Eating local with the Food Assembly


A trip to the local pub yesterday showed me the amazing potential of the food industry and how many people are choosing careers in this sector, with an increasing number of small producers and companies being setup.

Eating local is the philosophy at the heart of the Food Assembly, an initiative born out of the conviction cutting food miles and intermediaries is the way to go for both farmers and consumers. Selling their ware once weekly at a pop up market stall, farmers and other producers of top quality food get much more money for their efforts, while consumers can enjoy fresh products they previously chose and bought online. Food waste and food miles are also reduced, making the environment healthier.

In Stoke Newington this is held every Tuesday evening at The Prince. Last night it was their first birthday and we celebrated with cocktails, a foodie themed quiz and a raffle. A special dinner was cooked by the wonderful chefs at The Prince with produce from the farmers, and a DJ and musicians were entertaining the guests.


It was a great night and I enjoyed talking to the various producers and participants. It is amazing to see how many people in London are growing more passionate about the food they eat. And how many  are choosing a second career in food production! When I started buying my food from the Assembly last year, only a handful of farmers were taking part. Now their list of producers has grown incredibly and yesterday there was hardly any space left. From organic to biodynamic, fair-trade to crafted, the list of new people is continuously growing. Many of these food enterprises, from jam making to chocolate laboratories, are often run by just a few people, who chose to pursue food as a new career option. Gozo Deli, a company making dairy free spreads from cashew nuts, has only one full time employee but plenty of determination, and the same goes for Louise Avery, who since last year has been brewing kombucha for her Lois and The Living Teas company. Through the dedication of the people behind the Food Assembly, these small producers can manage to survive and grow, by getting a fair share of the profit for the sale of their goods.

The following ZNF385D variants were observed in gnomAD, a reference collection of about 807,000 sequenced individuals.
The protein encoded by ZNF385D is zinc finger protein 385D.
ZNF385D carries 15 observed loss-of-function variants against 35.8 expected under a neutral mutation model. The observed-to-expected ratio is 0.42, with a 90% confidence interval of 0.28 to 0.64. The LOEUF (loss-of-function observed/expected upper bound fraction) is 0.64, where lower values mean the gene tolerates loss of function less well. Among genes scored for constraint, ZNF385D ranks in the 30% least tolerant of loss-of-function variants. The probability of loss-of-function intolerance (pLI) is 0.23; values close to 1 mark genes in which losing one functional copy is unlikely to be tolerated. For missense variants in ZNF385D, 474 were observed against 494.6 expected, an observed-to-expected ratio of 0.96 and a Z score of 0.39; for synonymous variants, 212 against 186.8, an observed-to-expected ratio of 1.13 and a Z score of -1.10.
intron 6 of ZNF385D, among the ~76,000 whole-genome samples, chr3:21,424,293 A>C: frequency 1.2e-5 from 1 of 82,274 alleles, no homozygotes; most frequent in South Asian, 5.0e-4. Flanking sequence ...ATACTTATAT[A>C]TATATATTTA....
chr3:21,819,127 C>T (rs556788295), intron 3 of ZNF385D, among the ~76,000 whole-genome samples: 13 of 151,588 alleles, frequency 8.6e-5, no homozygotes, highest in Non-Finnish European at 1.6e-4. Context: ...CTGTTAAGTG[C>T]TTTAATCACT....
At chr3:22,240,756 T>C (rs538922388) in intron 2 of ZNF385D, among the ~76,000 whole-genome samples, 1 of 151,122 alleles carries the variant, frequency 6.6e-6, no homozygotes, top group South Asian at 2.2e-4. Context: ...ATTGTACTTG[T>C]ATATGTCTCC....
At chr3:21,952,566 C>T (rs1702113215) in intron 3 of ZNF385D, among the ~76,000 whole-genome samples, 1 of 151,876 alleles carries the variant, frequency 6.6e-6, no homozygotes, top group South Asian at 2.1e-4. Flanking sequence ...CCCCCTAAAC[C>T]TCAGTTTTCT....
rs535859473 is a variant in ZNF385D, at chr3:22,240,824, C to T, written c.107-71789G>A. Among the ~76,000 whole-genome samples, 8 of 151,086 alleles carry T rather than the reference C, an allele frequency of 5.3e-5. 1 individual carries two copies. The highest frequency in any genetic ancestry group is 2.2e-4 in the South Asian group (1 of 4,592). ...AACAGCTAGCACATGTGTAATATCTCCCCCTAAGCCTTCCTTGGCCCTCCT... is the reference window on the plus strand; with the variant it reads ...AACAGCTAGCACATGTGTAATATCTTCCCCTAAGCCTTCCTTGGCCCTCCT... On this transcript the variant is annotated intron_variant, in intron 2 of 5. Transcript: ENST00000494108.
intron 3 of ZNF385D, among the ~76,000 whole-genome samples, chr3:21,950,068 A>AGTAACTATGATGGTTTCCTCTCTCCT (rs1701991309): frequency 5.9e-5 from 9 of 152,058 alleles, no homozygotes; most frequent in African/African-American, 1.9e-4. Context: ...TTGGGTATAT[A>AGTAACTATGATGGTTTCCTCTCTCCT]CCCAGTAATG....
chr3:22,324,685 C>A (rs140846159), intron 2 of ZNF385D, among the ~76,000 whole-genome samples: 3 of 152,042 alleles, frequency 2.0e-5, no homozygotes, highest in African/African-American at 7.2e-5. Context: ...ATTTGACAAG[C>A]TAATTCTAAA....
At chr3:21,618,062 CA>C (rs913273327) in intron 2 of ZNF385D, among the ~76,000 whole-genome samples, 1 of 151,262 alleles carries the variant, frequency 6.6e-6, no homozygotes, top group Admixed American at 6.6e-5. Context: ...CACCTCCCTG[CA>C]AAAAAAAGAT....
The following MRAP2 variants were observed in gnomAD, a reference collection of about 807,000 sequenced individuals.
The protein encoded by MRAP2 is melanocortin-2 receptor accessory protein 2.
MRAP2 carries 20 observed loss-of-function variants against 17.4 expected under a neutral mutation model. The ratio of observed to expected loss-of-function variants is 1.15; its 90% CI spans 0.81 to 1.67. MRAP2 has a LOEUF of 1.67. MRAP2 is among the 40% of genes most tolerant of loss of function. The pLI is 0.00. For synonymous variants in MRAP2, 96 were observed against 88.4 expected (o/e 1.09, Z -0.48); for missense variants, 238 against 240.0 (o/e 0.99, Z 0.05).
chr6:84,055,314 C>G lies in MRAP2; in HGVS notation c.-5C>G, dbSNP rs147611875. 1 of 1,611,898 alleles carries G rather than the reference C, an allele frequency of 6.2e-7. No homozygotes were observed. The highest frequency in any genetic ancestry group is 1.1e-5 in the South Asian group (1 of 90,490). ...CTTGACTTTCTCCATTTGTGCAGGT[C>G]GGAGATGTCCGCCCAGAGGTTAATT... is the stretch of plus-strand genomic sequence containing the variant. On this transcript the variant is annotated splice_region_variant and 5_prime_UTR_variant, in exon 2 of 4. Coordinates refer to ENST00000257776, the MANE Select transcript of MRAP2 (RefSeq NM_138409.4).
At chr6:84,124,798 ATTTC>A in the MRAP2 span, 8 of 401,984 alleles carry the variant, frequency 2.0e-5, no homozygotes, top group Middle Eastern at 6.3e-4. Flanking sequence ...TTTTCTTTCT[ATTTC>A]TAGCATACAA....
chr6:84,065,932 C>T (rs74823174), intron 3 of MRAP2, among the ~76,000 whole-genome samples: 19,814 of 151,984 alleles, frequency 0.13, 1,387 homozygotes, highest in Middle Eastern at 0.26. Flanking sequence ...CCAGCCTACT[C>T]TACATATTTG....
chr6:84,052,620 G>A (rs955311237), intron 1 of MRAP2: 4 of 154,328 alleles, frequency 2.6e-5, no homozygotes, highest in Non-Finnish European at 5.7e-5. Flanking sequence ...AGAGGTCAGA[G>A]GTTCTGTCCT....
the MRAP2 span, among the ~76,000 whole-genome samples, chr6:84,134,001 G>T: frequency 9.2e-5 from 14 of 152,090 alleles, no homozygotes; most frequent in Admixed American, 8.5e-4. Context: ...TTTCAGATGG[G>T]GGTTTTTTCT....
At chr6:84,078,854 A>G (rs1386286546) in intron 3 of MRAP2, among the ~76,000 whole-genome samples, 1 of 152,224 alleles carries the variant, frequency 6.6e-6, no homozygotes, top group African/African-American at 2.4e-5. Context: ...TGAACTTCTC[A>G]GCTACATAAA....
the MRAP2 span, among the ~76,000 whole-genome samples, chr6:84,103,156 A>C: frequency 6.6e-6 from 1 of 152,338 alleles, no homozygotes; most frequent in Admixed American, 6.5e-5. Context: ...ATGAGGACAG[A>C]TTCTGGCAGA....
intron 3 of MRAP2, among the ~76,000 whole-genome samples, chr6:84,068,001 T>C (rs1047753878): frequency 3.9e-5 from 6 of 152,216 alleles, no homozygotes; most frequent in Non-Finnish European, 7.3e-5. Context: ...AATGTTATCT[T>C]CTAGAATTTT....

Start shopping with the Food Assembly and supporting small and local food enterprises. More variety is exciting and making food is fun. Eat local!



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Carolina Stupino

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